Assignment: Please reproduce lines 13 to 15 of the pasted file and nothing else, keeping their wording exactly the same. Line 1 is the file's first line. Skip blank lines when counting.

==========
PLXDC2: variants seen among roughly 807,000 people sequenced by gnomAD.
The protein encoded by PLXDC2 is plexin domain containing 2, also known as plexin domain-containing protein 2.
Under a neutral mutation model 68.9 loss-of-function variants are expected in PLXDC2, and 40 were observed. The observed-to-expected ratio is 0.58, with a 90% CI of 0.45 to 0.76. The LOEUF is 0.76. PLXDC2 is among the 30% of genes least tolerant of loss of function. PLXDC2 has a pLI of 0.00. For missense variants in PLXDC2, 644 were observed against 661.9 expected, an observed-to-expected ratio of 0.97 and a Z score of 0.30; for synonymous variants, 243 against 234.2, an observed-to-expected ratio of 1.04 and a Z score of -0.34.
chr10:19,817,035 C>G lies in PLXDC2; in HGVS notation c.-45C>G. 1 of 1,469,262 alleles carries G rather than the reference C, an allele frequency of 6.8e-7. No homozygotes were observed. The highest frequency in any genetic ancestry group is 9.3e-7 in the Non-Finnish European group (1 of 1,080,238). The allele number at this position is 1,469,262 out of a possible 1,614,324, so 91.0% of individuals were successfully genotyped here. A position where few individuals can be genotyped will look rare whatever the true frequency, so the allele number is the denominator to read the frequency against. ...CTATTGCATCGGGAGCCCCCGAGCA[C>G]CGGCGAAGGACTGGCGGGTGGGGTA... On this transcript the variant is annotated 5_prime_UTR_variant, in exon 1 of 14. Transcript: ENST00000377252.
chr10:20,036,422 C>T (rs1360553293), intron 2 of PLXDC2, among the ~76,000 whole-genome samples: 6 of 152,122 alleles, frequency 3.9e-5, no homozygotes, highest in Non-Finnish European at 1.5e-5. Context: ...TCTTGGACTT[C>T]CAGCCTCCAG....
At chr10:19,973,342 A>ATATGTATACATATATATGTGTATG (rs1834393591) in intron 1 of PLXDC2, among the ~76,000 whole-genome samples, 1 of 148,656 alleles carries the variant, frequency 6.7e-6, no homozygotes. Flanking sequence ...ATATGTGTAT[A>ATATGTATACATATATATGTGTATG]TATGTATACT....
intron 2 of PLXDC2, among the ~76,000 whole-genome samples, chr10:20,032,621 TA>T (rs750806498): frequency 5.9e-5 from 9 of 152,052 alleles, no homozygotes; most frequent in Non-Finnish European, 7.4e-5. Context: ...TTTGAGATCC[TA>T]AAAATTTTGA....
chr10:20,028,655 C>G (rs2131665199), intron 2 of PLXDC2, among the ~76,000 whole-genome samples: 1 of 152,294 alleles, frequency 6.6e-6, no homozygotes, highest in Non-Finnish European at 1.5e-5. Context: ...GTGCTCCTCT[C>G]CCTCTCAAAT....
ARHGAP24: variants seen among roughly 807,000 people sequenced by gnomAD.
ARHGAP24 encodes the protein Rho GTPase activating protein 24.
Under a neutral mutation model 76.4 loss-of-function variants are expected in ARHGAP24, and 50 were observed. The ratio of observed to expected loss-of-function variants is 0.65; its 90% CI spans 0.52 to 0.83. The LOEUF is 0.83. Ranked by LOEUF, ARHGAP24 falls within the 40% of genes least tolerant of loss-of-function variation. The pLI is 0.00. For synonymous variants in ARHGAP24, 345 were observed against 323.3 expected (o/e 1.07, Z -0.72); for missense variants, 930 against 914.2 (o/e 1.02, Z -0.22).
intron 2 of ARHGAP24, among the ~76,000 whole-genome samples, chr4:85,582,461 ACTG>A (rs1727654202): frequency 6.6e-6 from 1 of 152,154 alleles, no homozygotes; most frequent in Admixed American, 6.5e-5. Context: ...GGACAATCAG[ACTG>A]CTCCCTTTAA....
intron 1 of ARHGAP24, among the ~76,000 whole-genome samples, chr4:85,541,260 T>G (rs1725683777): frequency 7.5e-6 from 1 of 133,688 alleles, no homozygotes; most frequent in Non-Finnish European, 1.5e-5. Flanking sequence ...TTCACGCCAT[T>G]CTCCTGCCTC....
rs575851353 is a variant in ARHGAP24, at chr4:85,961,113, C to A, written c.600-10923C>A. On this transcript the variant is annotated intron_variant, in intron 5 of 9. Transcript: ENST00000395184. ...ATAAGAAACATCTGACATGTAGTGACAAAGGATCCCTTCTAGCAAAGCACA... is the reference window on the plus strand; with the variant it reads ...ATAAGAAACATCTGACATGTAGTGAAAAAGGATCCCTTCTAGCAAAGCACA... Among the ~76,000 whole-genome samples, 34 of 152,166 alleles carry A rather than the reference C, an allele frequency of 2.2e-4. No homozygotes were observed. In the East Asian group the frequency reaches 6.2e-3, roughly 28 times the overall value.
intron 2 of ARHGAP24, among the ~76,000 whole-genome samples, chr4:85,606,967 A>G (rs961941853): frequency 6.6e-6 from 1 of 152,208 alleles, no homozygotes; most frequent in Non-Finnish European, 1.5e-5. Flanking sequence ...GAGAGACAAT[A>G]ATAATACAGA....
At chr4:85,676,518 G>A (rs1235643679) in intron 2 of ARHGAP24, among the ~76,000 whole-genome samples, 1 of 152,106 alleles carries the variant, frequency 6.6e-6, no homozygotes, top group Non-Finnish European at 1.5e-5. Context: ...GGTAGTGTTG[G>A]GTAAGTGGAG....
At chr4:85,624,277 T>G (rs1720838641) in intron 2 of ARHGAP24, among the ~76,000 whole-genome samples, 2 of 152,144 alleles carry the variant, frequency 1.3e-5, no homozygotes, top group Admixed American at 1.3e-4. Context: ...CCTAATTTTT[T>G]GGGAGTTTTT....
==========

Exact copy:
intron 1 of ARHGAP24, among the ~76,000 whole-genome samples, chr4:85,541,260 T>G (rs1725683777): frequency 7.5e-6 from 1 of 133,688 alleles, no homozygotes; most frequent in Non-Finnish European, 1.5e-5. Flanking sequence ...TTCACGCCAT[T>G]CTCCTGCCTC....
rs575851353 is a variant in ARHGAP24, at chr4:85,961,113, C to A, written c.600-10923C>A. On this transcript the variant is annotated intron_variant, in intron 5 of 9. Transcript: ENST00000395184. ...ATAAGAAACATCTGACATGTAGTGACAAAGGATCCCTTCTAGCAAAGCACA... is the reference window on the plus strand; with the variant it reads ...ATAAGAAACATCTGACATGTAGTGAAAAAGGATCCCTTCTAGCAAAGCACA... Among the ~76,000 whole-genome samples, 34 of 152,166 alleles carry A rather than the reference C, an allele frequency of 2.2e-4. No homozygotes were observed. In the East Asian group the frequency reaches 6.2e-3, roughly 28 times the overall value.
intron 2 of ARHGAP24, among the ~76,000 whole-genome samples, chr4:85,606,967 A>G (rs961941853): frequency 6.6e-6 from 1 of 152,208 alleles, no homozygotes; most frequent in Non-Finnish European, 1.5e-5. Flanking sequence ...GAGAGACAAT[A>G]ATAATACAGA....